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This paper is written through the combined experience of my own artistic practice and periods of immobility during 2010-2011. With it, I aim to draw attention towards physical, mental and political states of stillness and absorption. I will show how a period of relative physical stasis impacted upon my own practice and prompted a counter project to the now dominant methodology of soundwalking. Through personal reflection, I will demonstrate how walking is not always an entitled right; how class, gender and geopolitical forces impact upon a walk; and how the methodology itself may even perpetuate a culture of pursuit and entrapment. In doing so, the paper re-evaluates the politics and aesthetics of soundwalking whilst optimistically proposing listening as a form of walking.

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With the advent of cheap digital recording gear many have taken to recording their environments and presenting it as sound art. Without considering how technology leaches the soul an environment much of today’s field recording based sound art will ultimately fail to capture the holistic nuance and subtleties found in nature. What this essay calls for is a resurrection and development of the post-digital aesthetic in the form of “Transcendigitalism.”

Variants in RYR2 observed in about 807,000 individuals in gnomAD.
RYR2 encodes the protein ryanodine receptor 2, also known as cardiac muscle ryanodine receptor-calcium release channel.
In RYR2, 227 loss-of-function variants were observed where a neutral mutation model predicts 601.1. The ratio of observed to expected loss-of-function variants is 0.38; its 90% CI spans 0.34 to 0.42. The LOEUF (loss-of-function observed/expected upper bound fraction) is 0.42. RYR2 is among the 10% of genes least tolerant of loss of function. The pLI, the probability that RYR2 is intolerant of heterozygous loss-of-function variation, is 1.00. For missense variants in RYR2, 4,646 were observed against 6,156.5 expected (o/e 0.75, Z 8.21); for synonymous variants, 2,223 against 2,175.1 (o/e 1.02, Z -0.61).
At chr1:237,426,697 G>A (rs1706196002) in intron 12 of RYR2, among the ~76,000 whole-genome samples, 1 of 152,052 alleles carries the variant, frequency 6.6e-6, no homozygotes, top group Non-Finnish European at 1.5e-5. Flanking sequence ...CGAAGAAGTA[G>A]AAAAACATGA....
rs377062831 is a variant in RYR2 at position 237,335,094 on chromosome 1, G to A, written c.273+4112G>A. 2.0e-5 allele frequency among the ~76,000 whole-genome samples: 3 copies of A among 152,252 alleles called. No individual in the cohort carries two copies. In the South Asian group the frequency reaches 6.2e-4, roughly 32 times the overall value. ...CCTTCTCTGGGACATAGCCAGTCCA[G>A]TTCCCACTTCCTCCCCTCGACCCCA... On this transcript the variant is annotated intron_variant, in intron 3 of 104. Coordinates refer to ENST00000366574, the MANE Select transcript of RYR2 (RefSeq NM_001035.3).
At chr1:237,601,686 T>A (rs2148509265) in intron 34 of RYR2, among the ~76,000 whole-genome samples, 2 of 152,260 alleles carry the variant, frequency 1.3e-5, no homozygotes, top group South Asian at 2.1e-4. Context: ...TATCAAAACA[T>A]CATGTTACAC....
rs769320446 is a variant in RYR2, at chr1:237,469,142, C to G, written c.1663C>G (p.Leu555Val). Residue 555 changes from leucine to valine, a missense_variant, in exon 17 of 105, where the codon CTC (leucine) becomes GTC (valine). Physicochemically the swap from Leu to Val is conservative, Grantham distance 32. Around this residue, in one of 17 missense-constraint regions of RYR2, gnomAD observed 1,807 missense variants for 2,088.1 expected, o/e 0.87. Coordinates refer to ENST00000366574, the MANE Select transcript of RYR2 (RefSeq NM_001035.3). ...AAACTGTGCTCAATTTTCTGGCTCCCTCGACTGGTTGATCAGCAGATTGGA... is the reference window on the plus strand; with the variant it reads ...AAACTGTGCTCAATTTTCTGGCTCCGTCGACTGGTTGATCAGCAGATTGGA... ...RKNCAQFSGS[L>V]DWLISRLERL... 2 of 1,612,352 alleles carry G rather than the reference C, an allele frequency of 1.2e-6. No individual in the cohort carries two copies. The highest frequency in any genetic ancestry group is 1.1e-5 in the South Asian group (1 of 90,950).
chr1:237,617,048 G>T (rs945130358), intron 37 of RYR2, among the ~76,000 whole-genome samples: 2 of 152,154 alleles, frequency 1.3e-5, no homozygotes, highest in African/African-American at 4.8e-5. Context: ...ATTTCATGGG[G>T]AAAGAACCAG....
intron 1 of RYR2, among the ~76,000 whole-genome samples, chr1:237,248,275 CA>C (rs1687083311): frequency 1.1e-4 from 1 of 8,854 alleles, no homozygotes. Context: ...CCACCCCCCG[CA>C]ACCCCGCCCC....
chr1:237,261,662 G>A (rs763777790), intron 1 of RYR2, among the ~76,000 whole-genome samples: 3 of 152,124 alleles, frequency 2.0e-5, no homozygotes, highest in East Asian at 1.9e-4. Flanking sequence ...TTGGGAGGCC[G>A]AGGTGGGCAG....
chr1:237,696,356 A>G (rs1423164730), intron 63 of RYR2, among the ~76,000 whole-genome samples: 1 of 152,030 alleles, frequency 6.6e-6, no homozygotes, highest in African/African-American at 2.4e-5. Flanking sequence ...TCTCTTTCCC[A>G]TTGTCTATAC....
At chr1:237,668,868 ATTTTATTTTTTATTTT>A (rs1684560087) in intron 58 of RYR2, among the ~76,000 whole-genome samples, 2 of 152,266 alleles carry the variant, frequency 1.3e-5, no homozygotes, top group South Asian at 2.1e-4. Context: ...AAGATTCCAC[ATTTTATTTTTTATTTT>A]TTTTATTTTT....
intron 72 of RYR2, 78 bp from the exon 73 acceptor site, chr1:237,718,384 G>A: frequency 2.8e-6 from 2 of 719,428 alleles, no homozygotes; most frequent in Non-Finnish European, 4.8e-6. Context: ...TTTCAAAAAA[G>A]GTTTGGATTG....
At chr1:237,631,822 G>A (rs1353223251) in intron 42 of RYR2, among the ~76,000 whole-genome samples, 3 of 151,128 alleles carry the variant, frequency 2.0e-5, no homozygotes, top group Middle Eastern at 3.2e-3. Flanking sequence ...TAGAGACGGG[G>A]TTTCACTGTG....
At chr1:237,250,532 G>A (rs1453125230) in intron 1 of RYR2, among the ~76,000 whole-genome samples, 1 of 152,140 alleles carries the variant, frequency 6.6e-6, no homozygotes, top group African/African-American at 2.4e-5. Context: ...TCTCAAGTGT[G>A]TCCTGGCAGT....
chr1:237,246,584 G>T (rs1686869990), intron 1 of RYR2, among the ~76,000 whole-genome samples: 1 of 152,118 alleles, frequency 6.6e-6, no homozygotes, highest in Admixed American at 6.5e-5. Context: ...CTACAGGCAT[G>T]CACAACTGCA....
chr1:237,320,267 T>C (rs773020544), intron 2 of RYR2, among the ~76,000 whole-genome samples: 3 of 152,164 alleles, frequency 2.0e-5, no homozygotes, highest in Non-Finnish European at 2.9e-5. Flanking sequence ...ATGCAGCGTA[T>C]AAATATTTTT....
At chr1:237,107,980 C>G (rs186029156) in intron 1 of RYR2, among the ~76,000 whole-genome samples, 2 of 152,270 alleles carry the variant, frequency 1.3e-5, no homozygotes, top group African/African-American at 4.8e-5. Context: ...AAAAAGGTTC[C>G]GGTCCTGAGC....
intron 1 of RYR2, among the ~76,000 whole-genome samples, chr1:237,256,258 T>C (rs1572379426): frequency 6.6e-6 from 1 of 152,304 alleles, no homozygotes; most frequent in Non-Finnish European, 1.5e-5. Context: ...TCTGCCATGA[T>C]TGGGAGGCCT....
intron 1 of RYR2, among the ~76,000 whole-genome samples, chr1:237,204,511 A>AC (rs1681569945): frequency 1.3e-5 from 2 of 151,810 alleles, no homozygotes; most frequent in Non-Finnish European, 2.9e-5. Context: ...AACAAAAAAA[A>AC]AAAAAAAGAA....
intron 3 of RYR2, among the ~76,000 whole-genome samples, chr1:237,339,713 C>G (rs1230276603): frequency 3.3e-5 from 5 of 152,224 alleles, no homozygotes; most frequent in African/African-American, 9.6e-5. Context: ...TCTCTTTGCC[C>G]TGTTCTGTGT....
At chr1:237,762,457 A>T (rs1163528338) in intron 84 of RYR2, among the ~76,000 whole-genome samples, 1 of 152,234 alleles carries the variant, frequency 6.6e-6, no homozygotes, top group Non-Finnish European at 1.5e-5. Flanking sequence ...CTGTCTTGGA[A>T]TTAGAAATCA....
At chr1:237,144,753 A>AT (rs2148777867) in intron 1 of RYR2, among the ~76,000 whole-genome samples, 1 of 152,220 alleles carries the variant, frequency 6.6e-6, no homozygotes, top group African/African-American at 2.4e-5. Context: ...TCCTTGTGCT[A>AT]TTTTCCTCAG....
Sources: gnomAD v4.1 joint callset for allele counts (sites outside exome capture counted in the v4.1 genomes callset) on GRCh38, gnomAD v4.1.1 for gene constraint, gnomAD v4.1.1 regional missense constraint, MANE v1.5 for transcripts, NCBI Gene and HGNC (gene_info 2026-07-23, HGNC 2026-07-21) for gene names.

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The research grew out of experiences with deep listening and a free form of soundwalking in urban and non-urban environments in Rio de Janeiro. The practice consists of intersensory drifts with field recordings, photos, drawings and texts. This process emphasises the relationship between listening, intersensoriality, imagination and memory, the entwinement between what is physically listened and ‘non-cochlear’ sounds and the resonances created by the mix of acoustic spaces and sonic reveries. This experimental methodology led to the construction of experienced fictions, a poetic and non-realistic account of events used to produce art linked to everyday life and fiction.

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This essay works at the methodological intersection of women-of-colour feminism and cultural materialist media studies in order to trace depictions of differential listening in Chican@ literature. I argue that the Chican@ literature of differential listening reveals alternative histories of listening to those offered in cultural materialist studies of sound reproduction media such as Jonathan Sterne’s The Audible Past. Placing Chican@ texts such as Tomás Rivera’s . . . y no se lo tragó la tierra and Pat Mora’s House of Houses, I contend that Sterne’s excavation of the discourses surrounding specific approaches to audile technique demonstrates how these examples of Chican@ literature, which trace alternative modes of listening, similarly unearth alternative discourses and understandings of the ‘real’ and, thereby, of what constitutes history.